The April break will have served them both well by getting a bit of club football under their belt and getting away from the harsh environs of Division One.
The dilemma for Bonner is does he stick or twist with his new system?
Donegal got lots of plaudits for their attacking play early in the League but they kept losing. A tighter Donegal towards the end of their campaign was definitely more competitive.
Does Bonner play his two talismen inside in the
full-forward line? I, like most other Gaels, certainly hope he does, but then I'll not lose much sleep if Donegal lose.
Cavan, with Tyrone native Mattie McGleenan at their helm, appear to have rekindled some of the momentum that they had built under Terry Hyland three-four years ago.
Previously they failed to kick on. The players have continued to visibly develop, but it is in exactly this type of game – one where they have every right to see themselves having a good chance even though their opponent is a good team – that they have continuously failed to step up to the plate in. The League final defeat to Roscommon was an example.
As players, such a situation eventually simply comes down to mentality and ambition. Like a student taking gap years to put off/get ready for the world of work when really they are just bluffing and avoiding the inevitable.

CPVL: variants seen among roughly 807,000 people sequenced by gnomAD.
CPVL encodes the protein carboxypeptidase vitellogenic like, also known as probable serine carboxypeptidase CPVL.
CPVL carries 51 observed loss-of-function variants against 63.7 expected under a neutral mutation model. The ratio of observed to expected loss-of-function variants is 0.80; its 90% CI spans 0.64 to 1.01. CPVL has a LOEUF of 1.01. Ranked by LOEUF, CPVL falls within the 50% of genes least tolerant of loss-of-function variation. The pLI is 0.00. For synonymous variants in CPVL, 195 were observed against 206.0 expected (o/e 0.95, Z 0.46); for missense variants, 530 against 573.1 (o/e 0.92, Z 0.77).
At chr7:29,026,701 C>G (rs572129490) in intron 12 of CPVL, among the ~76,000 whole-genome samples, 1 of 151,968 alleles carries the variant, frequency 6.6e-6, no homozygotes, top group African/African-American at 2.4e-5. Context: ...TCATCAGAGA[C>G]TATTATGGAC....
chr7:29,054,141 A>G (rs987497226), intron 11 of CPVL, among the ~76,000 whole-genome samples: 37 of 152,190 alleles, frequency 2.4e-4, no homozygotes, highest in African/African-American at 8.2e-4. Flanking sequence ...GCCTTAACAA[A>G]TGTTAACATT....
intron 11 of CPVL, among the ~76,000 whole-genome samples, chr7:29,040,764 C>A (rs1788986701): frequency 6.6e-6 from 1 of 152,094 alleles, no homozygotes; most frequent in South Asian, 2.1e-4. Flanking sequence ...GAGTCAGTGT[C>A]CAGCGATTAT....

Cavan have served their time and more. They have proven themselves as footballers with their underage successes and through flashes at senior level, but to win the big ones takes something a bit deeper and more concrete.
Calling this one comes down to which of the above two factors is more likely to occur.
Are Donegal likely to get big performances out of McBrearty and Murphy even if their system will still be a work in progress or are Cavan likely to ‘find themselves' and decide they
are a bona fide top level senior team? I'm looking forward to what should be a really tight contest and, like the match out west, a draw is a strong possibility.
For me, though, Donegal hold the aces to progress in the Ulster Championship and, this year, take a big step towards those prized Super 8 places.